‘And so, as Tiny Tim observed, God bless Us, Every One!’
Few will, surely, have a dry eye when they read the concluding sentence from Charles Dickens’ A Christmas Carol. For, as many will know, Dickens’ story has four ghosts visit the selfish financier Ebenezer Scrooge on Christmas Eve after which he is transformed and reconnected to society. This not only makes Scrooge a much happier man but by abandoning his individualism he also saves Tiny Tim’s life by paying his father Bob Cratchit a decent wage and becoming preoccupied with the boy’s welfare.
In our December podcast Emma and I discussed Scrooged the 1988 movie adaptation of Dickens’ novella as well as Scrooge a 1951 film version. In fact, since being first published in December 1843 the story has been retold many times and in many different ways - including by the Muppets. It is clearly saying something readers and audiences want to hear. Some might dismiss the tale as sentimental tosh, and Dickens was often guilty of indulging in that. But as a radical public figure Dickens used his fictions to advance political arguments. And A Christmas Carol was no exception.
For the story was published during a decade marked by great economic crises: Britain was being transformed thanks to industrialisation, a process produced great instability and suffering: if a few were made rich the many became poor. In response the largely working-class Chartist movement developed, its main demand being universal suffrage for men, in the hope that democracy would make society fairer.
Dickens’ solution to Britain’s unequal society in A Christmas Carol was rather different. As Scrooge’s well-meaning nephew has it, Christmas should be ‘a kind, forgiving, charitable, pleasant time: the only time I know of, in the long calendar of the year, when men and women seem by one consent to open their shut-up hearts freely, and to think of people below them as if they really were fellow passengers to the grave, and not another race of creatures bound on other journeys.’ The desirability of recognising our common humanity on at least one day every year, was, of course, something Scrooge initially rejects as Humbug.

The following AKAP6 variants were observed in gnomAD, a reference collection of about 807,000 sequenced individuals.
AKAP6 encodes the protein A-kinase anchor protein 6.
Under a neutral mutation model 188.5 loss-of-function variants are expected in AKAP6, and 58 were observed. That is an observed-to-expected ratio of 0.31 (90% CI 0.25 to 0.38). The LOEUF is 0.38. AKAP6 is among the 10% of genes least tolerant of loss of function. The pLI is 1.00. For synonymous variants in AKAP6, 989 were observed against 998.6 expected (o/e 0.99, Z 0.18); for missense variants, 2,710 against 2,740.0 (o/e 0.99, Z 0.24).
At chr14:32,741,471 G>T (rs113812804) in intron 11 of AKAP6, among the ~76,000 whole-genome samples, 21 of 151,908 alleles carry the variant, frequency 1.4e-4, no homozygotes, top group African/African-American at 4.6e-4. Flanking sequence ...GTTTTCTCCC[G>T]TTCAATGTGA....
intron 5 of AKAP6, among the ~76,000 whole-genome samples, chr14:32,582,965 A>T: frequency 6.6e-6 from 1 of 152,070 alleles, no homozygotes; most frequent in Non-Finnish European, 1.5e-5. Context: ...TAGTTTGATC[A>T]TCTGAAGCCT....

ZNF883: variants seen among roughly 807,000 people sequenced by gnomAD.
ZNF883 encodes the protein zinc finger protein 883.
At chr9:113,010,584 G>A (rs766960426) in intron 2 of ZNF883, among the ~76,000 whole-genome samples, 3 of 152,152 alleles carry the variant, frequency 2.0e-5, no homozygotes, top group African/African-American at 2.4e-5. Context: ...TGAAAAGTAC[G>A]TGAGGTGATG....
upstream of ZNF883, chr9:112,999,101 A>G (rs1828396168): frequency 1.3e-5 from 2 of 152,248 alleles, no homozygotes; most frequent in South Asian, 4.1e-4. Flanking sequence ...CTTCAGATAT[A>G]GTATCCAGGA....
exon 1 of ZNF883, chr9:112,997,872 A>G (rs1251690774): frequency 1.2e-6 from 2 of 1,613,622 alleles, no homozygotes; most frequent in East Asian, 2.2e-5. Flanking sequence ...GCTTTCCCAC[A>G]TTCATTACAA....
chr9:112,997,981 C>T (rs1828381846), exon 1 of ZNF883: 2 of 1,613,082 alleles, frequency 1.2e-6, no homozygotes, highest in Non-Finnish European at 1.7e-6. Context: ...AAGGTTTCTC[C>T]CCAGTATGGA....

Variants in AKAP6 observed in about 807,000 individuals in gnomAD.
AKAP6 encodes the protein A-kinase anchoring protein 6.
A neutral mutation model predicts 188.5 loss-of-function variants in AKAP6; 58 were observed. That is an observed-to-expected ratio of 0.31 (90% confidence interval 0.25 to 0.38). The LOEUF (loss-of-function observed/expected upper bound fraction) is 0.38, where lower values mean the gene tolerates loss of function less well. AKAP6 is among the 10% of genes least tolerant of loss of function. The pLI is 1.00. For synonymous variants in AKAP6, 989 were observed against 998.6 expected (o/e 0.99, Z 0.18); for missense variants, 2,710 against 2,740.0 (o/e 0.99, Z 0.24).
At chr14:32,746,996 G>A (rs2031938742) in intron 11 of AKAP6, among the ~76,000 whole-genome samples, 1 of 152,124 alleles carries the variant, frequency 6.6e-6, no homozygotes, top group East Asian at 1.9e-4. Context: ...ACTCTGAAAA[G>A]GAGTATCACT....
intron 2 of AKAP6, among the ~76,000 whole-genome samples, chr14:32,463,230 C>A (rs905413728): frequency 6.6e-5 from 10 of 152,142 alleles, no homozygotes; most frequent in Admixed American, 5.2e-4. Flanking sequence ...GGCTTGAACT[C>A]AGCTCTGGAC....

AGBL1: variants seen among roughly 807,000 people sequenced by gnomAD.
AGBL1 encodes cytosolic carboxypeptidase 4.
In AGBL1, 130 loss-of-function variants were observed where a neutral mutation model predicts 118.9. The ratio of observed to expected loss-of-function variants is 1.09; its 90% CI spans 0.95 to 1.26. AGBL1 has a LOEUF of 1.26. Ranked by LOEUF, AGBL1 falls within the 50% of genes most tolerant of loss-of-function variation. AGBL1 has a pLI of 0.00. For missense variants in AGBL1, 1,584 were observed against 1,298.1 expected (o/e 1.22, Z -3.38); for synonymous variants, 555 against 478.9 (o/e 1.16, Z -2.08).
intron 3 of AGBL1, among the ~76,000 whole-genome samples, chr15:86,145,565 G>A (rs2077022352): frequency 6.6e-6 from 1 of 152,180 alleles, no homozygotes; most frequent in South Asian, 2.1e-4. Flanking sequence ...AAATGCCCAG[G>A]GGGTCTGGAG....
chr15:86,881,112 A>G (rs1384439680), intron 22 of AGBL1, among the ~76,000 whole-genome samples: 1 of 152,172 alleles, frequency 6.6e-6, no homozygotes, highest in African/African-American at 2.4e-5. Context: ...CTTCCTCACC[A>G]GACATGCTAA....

For Scrooge is Dickens’ version of the archetypal Economic Man, a figure who was meant to be the new ideal in Britain’s emerging industrial capitalism. So, when visited by the tortured ghost of his dead partner Jacob Marley Scrooge is bemused, for Marley was in his view a ‘good man of business’. Marley replies ‘Business! … Mankind was my business. The common welfare was my business; charity, mercy, forbearance, and benevolence, were, all, my business’. Marley’s tragedy is that he came to realise that only after death and so he visits Scrooge to persuade him to change his attitude before it is too late.
As we know, A Christmas Carol ends with Scrooge seizing the opportunity to change, to recognise his shared humanity, and to act upon it, not just at Christmas but on every day of the year. Despite Tiny Tim’s invocation for God to ‘bless Us, Every One!’ it is an essentially secular message – references to religion as few and far between in A Christmas Carol. It is of course a highly political message, if not of the sort a conventional political party can easily turn into votes. For while the story is largely directed at readers with something to share to persuade them to help those without, it points to the need for a society based on very different principles to one emerging in the 1840s, the ones selfish Scrooge initially embodied.
It was a sentiment expressed by some of Dickens’ contemporaries. Less than two years after A Christmas Carol, the future Conservative Prime Minister Benjamin Disraeli wrote the novel Sybil. This explored the social consequences of industrialisation and in so doing coined the term ‘Two Nations’. According to Disraeli Britain was now formed by two nations, ‘between whom there is no intercourse and no sympathy; who are as ignorant of each other's habits, thoughts, and feelings, as if they were dwellers in different zones, or inhabitants of different planets. The rich and the poor.’ Disraeli’s solution to the problem was not quite Dickens’, and not that of the Chartists. As Prime Minister he sought to unite the nation through mobilising support for the Empire and Monarchy while modestly ameliorating some of the worst aspects of industrialisation – and giving a few working-class men the vote.
Others have exploited the desire for unity for their own ends. Nationalists do that; as do racists. David Cameron’s bogus Big Society tried to sell unity to voters while actually increasing inequality. But that does not undermine the force of Dickens’ sentiment, one that still stands as a direct criticism of the limitations of capitalism – liberal or neo-liberal – and which points to the almost universal desire for us all to feel part of a common humanity, one that transcends division.
That those on the left – who presumably genuinely believe in the sentiment expressed in A Christmas Carol - have generally failed to build on it in practical and sustained ways is perhaps the greatest indictment that can be made of them.